The light you see here is what’s called the accretion disk. It’s a disk of light that forms around the black hole when a star travels too close and is broken apart in the process. But the most important part of this photo is where there is no light. That dark circle in the center, which measures 25 billion miles across.

That right there, is proof that black holes look and behave how astronomers thought. More specifically, that they actually have an edge. It’s a place of no return, which astronomers call the event horizon. Once you cross the event horizon, the black hole’s gravity is so strong that you cannot escape it. Not you, nor the fastest spacecraft, not even the fastest thing in the universe: light.

That’s why the edge and everything beyond it are black. Trapped inside the black hole’s gravitational grip. And this image may be just the beginning.

The Event Horizons Telescope team has also turned its sights on another black hole. One that is closer to home, called Sagittarius A*. It’s the supermassive black hole at the center of our own galaxy, the Milky Way. But it’s significantly smaller than the one in Messier 87.

So it will be more difficult to image. And since it took astronomers two years to combine and analyze data for this first image it may be a while before we see what other black holes look like.

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How Astronomers Took The First Ever Image Of A Black Hole

The Brightest and Most Powerful Black Hole in the Universe

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Hello and welcome! My name is Anton and in this video, we will talk about the brightest and the hungriest Black Hole discovered so far in the Universe.

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Supermassive Black Hole | How The Universe Works

Ever wanted to learn more about supermassive black holes, find out every last details about these huge celestial bodies here.
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Black Hole - the most powerful object in the Universe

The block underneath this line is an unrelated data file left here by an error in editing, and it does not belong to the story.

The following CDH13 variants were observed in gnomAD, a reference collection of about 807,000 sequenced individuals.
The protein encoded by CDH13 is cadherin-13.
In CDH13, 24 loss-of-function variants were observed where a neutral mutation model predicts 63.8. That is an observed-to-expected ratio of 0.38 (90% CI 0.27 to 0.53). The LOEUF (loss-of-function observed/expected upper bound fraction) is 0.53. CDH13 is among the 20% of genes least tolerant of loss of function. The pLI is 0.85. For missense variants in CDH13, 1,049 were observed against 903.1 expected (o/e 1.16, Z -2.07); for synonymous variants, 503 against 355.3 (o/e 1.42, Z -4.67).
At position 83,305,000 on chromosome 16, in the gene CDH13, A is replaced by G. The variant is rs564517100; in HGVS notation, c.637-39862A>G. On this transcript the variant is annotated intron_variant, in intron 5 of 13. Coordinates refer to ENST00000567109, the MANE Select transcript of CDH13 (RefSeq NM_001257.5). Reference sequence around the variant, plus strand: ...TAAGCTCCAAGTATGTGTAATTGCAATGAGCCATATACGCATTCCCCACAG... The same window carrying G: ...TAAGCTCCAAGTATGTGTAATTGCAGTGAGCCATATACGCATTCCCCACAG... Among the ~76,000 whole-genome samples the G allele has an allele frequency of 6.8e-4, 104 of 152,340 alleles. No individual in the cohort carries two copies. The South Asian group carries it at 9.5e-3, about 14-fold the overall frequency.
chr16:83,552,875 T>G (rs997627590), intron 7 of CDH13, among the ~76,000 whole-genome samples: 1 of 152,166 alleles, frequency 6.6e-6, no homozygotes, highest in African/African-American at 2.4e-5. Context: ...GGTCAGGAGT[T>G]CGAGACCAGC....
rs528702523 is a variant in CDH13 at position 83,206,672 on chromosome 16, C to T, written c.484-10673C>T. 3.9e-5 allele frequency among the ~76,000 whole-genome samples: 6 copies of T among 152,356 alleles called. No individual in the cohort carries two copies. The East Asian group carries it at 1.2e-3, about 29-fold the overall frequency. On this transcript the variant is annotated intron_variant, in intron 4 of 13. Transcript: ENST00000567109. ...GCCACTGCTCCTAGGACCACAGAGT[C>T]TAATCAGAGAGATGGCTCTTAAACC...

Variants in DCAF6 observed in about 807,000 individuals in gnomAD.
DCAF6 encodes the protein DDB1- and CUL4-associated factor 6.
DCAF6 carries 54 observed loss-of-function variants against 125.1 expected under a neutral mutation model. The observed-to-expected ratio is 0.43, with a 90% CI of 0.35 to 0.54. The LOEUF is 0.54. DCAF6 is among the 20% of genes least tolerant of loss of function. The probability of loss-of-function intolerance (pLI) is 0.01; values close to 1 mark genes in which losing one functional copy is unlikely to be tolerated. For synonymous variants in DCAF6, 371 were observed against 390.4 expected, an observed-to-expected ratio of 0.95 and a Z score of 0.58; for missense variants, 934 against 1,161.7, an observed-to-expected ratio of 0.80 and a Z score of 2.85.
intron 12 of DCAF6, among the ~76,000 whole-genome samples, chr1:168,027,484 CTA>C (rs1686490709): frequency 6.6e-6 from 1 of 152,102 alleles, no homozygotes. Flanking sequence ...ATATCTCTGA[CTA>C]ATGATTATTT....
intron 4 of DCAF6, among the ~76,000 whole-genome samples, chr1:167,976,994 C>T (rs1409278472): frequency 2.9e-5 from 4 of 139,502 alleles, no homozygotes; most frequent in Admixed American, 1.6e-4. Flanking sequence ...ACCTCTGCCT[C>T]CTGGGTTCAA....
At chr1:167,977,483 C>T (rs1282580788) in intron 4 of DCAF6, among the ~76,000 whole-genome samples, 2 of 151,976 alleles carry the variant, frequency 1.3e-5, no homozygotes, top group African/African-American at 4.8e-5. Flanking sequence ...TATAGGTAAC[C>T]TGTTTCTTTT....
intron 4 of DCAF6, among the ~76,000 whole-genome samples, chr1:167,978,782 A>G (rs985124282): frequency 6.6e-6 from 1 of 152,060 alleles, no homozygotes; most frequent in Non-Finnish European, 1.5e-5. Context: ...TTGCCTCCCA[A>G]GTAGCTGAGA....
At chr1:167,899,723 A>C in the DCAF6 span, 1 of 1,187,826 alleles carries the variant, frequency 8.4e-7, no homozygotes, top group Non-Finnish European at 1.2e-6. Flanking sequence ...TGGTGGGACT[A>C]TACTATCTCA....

Black holes are the most massive and powerful objects yet discovered in the Universe.
Don't let your friends 'blind you with science' ... get the facts from this 3 minute NASA produced video. Key ideas well put forward.

How We Discovered the Milky Way's Black Hole

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The search began with a physicist checking for sources of static on phone calls in the 1930s, but it took several decades to finally make one of the biggest discoveries in astronomy, Sagittarius A*.

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The Largest Black Holes in the Universe

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Our Milky Way may harbor millions of black holes... the ultra dense remnants of dead stars. But now, in the universe far beyond our galaxy, there's evidence of something far more ominous. A breed of black holes that has reached incomprehensible size and destructive power. Just how large, and violent, and strange can they get?

A new era in astronomy has revealed a universe long hidden to us. High-tech instruments sent into space have been tuned to sense high-energy forms of light -- x-rays and gamma rays -- that are invisible to our eyes and do not penetrate our atmosphere. On the ground, precision telescopes are equipped with technologies that allow them to cancel out the blurring effects of the atmosphere. They are peering into the far reaches of the universe, and into distant caldrons of light and energy. In some distant galaxies, astronomers are now finding evidence that space and time are being shattered by eruptions so vast they boggle the mind.